It was going to be the biggest, most expensive deal in chip industry history. Last year Singapore-based company Broadcom made moves to acquire Snapdragon manufacturer Qualcomm with a $117 billion hostile takeover bid. But the deal has now been blocked by none other than President Trump, who has issued an order blocking the takeover, citing concerns that it might "impair the national security" of the country.
The order issued by President Trump prohibits the proposed acquisition of the Delaware-based manufacturer Qualcomm by Broadcom, as well as "any substantially equivalent merger, acquisition, or takeover, whether affected directly or indirectly". Additionally, the presidential order also disqualifies all of Broadcom's proposed directors for Qualcomm.
CFIUS fears that Broadcom would weaken Qualcomm's research
This presidential order follows a letter from the Committee on Foreign Investment in the US warning against the takeover. CFIUS cited Broadcom's thrifty approach to R&D and argued that the Singapore-based company would likely cut costs at Qualcomm, which would in turn weaken its ability to compete against Chinese telecoms rivals such as Huawei. A scenario in which China dominates 5G wireless equipment, with potential security repercussions for the US, is a major concern of the Trump administration.
Broadcom may be Singapore-domiciled, but it was originally an American company, still has the majority of its staff and office space in the US, and had announced plans to re-domicile there. Thus it appears that the concern stems mainly from the fear that Qualcomm's status as a world leader in the emerging 5G standard may be threatened. CFIUS also said that Broadcom defied an interim order requiring that it give a panel 5 business days' notice before taking steps to officially relocate.
If Broadcom successfully relocates to the US, it would escape the jurisdiction of CFIUS, but for the time being Trump's order has put a hard stop on the company's ambition to acquire Qualcomm in any case. Of course, Broadcom "strongly disagrees" with the assessment that the acquisition poses national security risks, and has stated that it is reviewing the order.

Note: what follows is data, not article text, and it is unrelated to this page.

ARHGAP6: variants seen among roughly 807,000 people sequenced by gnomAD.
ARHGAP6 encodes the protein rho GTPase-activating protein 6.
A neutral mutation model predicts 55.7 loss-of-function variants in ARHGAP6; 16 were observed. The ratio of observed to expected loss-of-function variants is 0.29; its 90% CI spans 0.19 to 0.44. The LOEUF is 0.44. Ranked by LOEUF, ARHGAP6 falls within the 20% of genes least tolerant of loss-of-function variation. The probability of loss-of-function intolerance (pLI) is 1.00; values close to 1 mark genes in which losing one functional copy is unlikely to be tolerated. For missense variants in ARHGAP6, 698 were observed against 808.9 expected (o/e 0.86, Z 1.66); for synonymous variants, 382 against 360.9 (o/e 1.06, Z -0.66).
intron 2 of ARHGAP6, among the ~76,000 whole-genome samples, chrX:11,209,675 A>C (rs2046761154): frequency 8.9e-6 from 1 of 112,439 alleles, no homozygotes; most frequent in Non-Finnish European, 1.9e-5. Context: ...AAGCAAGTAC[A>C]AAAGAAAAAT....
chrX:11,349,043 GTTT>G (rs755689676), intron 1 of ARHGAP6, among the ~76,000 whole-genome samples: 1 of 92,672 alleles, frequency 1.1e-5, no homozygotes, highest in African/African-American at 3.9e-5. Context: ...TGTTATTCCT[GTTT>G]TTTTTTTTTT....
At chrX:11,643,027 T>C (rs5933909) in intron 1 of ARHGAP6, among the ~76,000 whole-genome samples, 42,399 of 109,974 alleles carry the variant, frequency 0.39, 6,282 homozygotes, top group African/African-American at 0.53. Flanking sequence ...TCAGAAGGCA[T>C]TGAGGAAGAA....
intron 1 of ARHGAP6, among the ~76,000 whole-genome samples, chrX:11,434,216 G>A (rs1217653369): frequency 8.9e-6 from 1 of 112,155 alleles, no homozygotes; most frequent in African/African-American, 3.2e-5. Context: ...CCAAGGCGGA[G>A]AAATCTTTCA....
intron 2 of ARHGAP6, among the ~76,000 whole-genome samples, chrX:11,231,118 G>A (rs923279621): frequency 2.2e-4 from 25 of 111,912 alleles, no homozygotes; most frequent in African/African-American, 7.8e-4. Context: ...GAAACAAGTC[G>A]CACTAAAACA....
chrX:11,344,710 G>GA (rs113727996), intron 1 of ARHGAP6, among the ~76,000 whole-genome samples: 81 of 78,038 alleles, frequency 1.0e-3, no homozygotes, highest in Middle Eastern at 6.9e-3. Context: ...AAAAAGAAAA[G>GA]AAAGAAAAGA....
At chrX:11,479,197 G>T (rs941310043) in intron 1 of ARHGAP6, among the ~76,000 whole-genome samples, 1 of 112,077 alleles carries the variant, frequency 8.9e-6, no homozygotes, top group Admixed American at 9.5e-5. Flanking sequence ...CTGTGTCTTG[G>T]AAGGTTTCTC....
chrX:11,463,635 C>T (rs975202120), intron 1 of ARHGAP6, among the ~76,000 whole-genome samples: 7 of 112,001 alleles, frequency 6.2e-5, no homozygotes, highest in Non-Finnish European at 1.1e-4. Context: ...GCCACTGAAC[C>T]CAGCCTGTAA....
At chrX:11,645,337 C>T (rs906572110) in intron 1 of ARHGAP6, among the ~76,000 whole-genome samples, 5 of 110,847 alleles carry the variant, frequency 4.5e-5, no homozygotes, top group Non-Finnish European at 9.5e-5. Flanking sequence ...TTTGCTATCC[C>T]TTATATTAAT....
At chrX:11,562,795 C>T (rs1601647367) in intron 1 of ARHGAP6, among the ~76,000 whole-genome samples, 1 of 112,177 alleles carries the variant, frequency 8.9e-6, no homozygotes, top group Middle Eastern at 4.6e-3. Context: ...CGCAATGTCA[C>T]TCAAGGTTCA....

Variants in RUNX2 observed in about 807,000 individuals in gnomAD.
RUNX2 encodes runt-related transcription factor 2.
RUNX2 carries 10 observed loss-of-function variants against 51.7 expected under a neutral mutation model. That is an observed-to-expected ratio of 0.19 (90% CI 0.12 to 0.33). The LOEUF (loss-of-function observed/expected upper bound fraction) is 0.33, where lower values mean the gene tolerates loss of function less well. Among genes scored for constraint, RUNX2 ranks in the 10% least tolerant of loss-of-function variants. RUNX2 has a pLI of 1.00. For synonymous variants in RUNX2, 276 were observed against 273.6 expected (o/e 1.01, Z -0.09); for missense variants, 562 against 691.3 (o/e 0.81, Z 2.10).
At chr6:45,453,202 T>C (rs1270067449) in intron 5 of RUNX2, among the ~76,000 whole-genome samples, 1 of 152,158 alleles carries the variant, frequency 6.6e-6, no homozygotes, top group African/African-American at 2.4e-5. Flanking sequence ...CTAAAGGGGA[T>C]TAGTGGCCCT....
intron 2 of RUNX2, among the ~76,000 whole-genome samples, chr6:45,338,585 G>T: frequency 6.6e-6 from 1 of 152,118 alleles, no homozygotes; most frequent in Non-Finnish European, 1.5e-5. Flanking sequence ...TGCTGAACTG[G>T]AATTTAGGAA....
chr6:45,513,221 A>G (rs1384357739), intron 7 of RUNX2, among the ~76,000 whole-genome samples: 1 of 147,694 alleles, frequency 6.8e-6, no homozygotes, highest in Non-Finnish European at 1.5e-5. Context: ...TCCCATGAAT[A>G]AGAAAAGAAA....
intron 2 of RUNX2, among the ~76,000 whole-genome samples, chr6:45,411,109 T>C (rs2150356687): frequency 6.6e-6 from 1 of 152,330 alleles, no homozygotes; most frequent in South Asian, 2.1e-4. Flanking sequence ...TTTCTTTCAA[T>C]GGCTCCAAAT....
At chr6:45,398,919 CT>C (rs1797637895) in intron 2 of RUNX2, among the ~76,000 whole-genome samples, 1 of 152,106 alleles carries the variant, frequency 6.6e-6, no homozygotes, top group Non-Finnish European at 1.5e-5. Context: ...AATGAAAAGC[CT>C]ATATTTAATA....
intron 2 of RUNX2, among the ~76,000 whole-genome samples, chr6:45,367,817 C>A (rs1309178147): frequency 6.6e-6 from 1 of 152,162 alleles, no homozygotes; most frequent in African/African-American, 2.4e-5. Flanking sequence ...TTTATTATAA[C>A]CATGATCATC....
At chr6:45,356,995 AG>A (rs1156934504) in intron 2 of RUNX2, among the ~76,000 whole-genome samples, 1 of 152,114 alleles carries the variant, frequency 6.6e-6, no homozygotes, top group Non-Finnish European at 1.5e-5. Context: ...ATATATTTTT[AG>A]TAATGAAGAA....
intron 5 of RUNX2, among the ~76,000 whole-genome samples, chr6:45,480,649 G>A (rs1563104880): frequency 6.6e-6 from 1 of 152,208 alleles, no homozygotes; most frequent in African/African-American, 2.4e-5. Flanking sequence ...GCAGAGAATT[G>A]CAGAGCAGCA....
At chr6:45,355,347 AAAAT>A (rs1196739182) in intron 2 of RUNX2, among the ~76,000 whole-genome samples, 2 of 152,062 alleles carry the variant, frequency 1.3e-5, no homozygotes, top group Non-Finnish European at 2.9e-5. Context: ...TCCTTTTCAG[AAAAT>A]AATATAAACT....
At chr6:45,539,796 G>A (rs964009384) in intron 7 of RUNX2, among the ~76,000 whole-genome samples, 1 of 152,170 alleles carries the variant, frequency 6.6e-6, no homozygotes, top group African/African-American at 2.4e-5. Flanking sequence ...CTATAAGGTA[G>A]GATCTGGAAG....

The staff at Qualcomm's offices are likely breathing a sigh of relief at the governmental intervention, given that the Snapdragon manufacturer was doing its best to resist the takeover, claiming that it was undervalued. Qualcomm is also compelled to reconvene its 2018 Annual Meeting of Stockholders on the earliest possible date, which based on the required 10-day notice period, is March 23, 2018.
Aside from Qualcomm and Broadcom, there are two other manufacturers that are no doubt following this development with interest. The first is Intel Corp, the American computing giant who considered buying Broadcom themselves in order to prevent the threatening merger of the two rival manufacturers.
Intel of course, are no strangers to Washington offices, and Intel CEO Brian Krzanich served on Trump's Manufacturing Initiative advisory board until August last year. Whether Intel lobbied in favor of blocking the Qualcomm-Broadcom deal or not, it can join Qualcomm in celebrating its failure.
The other manufacturer with a dog in the fight (and a bone to pick with the US government) is of course Huawei.
Once again, Trump has his eye on China
This particular intervention by the President may be unprecedented but follows previous action taken by the White House to limit what it claims are potential national security risks from foreign businesses. We saw this recently when the government blocked US carriers from offering Huawei's flagship phones.
Huawei is also Qualcomm's main rival when it comes to developing technology for the emerging 5G standard. As the US and China maneuver for control over advanced technologies, it seems that the White House has deemed Qualcomm too important to have its R&D potentially slashed by Broadcom.
This order further demonstrates the seriousness of Trump's 'America First' protectionist position on trade, and will have consequences beyond the Qualcomm-Broadcom deal. Chinese venture investment in Silicon Valley will likely diminish under this hostile environment, forcing US tech companies to adapt their strategies and perhaps accept lower valuations once Chinese money drains out of the market.
What do you think? Is the government right to intervene in this case?